|Previous Section||Index||Home Page|
Dr. Iddon: To ask the Secretary of State for Health how much each local authority spent per head of population on taking and analysing samples for food standards purposes in the last 12 months. 
Dawn Primarolo: The decision on how much each local authority spends on taking and analysing samples for food standards purposes is decided by each local authority in accordance with the requirements of the Food Law Code of Practice issued in June 2008.
Each authority is required to publish a food sampling policy and make it available to businesses and consumers. The policy sets out the authority's general approach to food sampling and its approach in specific situations such as process monitoring, inspections, complaints, special investigations and national, regional and local co-ordinated programmes.
Mike Penning: To ask the Secretary of State for Health how much was spent on salaries and wages for (a) general and senior managers, (b) nurses and midwives and (c) administrative and clerical staff within each primary care trust in (i) 2006-07 and (ii) 2007-08. 
total managers and senior managers;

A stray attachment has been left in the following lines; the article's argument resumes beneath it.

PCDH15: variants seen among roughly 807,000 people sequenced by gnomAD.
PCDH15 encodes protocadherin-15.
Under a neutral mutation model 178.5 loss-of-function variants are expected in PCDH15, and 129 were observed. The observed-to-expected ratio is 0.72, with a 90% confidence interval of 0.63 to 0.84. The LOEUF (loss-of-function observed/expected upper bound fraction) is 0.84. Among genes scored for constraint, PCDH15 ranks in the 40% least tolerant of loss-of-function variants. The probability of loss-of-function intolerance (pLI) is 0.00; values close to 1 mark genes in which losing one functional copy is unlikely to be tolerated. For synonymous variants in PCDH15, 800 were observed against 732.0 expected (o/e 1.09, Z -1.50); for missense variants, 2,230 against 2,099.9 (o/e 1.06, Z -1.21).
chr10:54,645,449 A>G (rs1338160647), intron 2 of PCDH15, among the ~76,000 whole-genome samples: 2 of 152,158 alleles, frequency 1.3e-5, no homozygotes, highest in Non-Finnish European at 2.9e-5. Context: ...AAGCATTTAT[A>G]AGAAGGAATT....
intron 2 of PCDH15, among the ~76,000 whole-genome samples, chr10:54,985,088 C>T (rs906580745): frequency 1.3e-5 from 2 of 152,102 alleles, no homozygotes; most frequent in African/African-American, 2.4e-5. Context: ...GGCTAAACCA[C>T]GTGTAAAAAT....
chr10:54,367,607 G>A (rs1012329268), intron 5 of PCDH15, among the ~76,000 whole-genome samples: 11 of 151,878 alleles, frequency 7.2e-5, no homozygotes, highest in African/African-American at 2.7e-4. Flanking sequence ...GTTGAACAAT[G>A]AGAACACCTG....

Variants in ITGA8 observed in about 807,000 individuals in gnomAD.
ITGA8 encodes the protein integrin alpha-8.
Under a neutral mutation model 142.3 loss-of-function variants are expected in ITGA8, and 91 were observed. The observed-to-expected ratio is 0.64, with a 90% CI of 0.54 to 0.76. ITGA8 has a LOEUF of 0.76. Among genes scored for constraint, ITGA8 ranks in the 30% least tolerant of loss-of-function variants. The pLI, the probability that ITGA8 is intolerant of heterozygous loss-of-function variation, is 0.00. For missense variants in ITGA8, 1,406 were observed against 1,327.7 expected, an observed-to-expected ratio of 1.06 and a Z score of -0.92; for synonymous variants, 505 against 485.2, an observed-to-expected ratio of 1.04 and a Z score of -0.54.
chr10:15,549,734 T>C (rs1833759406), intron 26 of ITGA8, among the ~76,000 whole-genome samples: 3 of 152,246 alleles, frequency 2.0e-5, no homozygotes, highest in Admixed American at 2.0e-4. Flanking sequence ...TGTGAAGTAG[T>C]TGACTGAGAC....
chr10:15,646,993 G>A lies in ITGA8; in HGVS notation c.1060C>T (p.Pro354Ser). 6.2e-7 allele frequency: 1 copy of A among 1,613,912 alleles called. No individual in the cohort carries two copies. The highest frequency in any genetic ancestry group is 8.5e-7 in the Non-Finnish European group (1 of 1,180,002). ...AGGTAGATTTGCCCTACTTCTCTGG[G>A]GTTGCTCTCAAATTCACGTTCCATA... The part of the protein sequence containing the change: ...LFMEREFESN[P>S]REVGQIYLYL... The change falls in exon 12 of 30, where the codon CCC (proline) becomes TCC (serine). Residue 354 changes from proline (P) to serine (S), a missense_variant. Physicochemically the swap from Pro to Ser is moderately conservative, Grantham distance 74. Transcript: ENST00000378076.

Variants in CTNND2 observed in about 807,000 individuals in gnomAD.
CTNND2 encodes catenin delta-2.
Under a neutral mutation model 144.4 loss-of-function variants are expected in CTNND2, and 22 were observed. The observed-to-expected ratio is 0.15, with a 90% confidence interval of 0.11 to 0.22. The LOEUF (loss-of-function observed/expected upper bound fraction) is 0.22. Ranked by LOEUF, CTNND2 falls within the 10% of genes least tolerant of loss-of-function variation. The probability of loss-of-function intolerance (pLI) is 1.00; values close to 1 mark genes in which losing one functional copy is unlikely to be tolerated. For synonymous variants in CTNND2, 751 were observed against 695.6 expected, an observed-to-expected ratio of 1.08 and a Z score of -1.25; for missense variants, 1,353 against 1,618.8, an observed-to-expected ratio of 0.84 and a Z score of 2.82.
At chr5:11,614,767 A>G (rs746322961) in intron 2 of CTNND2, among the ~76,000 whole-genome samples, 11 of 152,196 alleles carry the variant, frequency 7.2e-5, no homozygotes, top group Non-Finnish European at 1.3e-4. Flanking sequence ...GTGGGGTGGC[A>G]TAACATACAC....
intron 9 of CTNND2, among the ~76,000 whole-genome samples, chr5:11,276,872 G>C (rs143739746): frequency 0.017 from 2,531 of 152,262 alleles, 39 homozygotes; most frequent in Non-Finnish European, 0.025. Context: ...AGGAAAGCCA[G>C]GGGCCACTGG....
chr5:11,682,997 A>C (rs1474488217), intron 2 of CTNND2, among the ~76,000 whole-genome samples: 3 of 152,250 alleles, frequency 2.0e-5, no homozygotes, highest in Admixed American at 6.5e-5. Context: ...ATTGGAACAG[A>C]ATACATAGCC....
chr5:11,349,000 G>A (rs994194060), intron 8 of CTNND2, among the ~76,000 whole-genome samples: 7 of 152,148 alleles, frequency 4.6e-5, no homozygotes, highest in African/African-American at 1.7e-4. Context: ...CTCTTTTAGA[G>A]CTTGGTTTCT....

total nursing, midwifery and health visiting staff; and
total administrative and clerical staff
Mr. Baron: To ask the Secretary of State for Health what estimate he has made of the annual savings accruing to his Department as a result of expatriates resident in Australia meeting the cost of their healthcare. 
Dawn Primarolo: The Department does not hold data on the cost of health care for United Kingdom expatriates resident in Australia. The UK does not fund the healthcare costs of British citizens resident in non-European countries and therefore does not consider these to be cost savings. It is the responsibility of individuals to make their own healthcare arrangements when they move to Australia.
Danny Alexander: To ask the Secretary of State for Transport (1) if he will designate the air route from London Gatwick to Inverness under Public Service Obligation protection; and if he will make a statement; 
(2) if he will designate all air service to peripheral areas of the United Kingdom from London Heathrow and London Gatwick which do not have a seven hour day return trip capability by surface transport under Public Service Obligation protection; and if he will make a statement. 
Jim Fitzpatrick: In December 2005, the Department for Transport published guidance on the circumstances under which it would consider imposing a Public Service Obligation (PSO) to protect domestic air routes to London airports. A copy is available on the Department's website at:
Under the guidance, it is for local bodies such as devolved administrations, regional development agencies or local authorities to make the case for a PSO to the Department. No such applications have been received since the guidance was published.
Mr. Curry: To ask the Secretary of State for Transport how much funding has been provided to each local authority to run the national concessionary bus fares scheme in 2008-09; and what estimate his Department has made of the expenditure which will be incurred by each authority on the scheme in that year.